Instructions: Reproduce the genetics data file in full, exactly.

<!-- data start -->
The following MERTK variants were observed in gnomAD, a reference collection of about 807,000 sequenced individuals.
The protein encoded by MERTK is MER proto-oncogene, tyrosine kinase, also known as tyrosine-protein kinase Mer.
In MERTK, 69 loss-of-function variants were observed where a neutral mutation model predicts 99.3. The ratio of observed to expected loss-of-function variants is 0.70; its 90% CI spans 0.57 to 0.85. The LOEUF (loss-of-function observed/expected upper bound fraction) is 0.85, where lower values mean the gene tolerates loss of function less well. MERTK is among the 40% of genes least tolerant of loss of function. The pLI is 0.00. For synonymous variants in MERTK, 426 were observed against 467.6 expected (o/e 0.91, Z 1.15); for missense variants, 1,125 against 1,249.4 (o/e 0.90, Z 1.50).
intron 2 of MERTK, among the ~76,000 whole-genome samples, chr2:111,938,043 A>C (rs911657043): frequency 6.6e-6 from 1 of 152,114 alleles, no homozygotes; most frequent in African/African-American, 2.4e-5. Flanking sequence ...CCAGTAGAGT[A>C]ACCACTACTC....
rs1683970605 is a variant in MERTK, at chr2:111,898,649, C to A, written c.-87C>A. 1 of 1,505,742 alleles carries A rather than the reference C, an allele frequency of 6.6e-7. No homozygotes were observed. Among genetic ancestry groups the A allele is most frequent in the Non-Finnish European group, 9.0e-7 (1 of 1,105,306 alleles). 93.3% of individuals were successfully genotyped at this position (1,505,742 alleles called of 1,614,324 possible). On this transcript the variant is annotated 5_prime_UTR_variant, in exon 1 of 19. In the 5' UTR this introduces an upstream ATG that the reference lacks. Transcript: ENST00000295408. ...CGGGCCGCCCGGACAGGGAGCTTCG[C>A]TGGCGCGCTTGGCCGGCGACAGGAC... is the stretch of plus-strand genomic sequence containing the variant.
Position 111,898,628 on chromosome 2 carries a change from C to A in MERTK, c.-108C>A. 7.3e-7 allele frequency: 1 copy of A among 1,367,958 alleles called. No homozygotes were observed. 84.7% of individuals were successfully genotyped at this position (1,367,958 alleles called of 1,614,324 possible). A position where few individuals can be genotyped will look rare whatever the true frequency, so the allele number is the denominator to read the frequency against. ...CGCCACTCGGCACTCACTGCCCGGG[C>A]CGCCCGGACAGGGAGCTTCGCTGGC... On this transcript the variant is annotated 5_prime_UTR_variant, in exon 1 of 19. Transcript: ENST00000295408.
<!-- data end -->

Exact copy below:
The following MERTK variants were observed in gnomAD, a reference collection of about 807,000 sequenced individuals.
The protein encoded by MERTK is MER proto-oncogene, tyrosine kinase, also known as tyrosine-protein kinase Mer.
In MERTK, 69 loss-of-function variants were observed where a neutral mutation model predicts 99.3. The ratio of observed to expected loss-of-function variants is 0.70; its 90% CI spans 0.57 to 0.85. The LOEUF (loss-of-function observed/expected upper bound fraction) is 0.85, where lower values mean the gene tolerates loss of function less well. MERTK is among the 40% of genes least tolerant of loss of function. The pLI is 0.00. For synonymous variants in MERTK, 426 were observed against 467.6 expected (o/e 0.91, Z 1.15); for missense variants, 1,125 against 1,249.4 (o/e 0.90, Z 1.50).
intron 2 of MERTK, among the ~76,000 whole-genome samples, chr2:111,938,043 A>C (rs911657043): frequency 6.6e-6 from 1 of 152,114 alleles, no homozygotes; most frequent in African/African-American, 2.4e-5. Flanking sequence ...CCAGTAGAGT[A>C]ACCACTACTC....
rs1683970605 is a variant in MERTK, at chr2:111,898,649, C to A, written c.-87C>A. 1 of 1,505,742 alleles carries A rather than the reference C, an allele frequency of 6.6e-7. No homozygotes were observed. Among genetic ancestry groups the A allele is most frequent in the Non-Finnish European group, 9.0e-7 (1 of 1,105,306 alleles). 93.3% of individuals were successfully genotyped at this position (1,505,742 alleles called of 1,614,324 possible). On this transcript the variant is annotated 5_prime_UTR_variant, in exon 1 of 19. In the 5' UTR this introduces an upstream ATG that the reference lacks. Transcript: ENST00000295408. ...CGGGCCGCCCGGACAGGGAGCTTCG[C>A]TGGCGCGCTTGGCCGGCGACAGGAC... is the stretch of plus-strand genomic sequence containing the variant.
Position 111,898,628 on chromosome 2 carries a change from C to A in MERTK, c.-108C>A. 7.3e-7 allele frequency: 1 copy of A among 1,367,958 alleles called. No homozygotes were observed. 84.7% of individuals were successfully genotyped at this position (1,367,958 alleles called of 1,614,324 possible). A position where few individuals can be genotyped will look rare whatever the true frequency, so the allele number is the denominator to read the frequency against. ...CGCCACTCGGCACTCACTGCCCGGG[C>A]CGCCCGGACAGGGAGCTTCGCTGGC... On this transcript the variant is annotated 5_prime_UTR_variant, in exon 1 of 19. Transcript: ENST00000295408.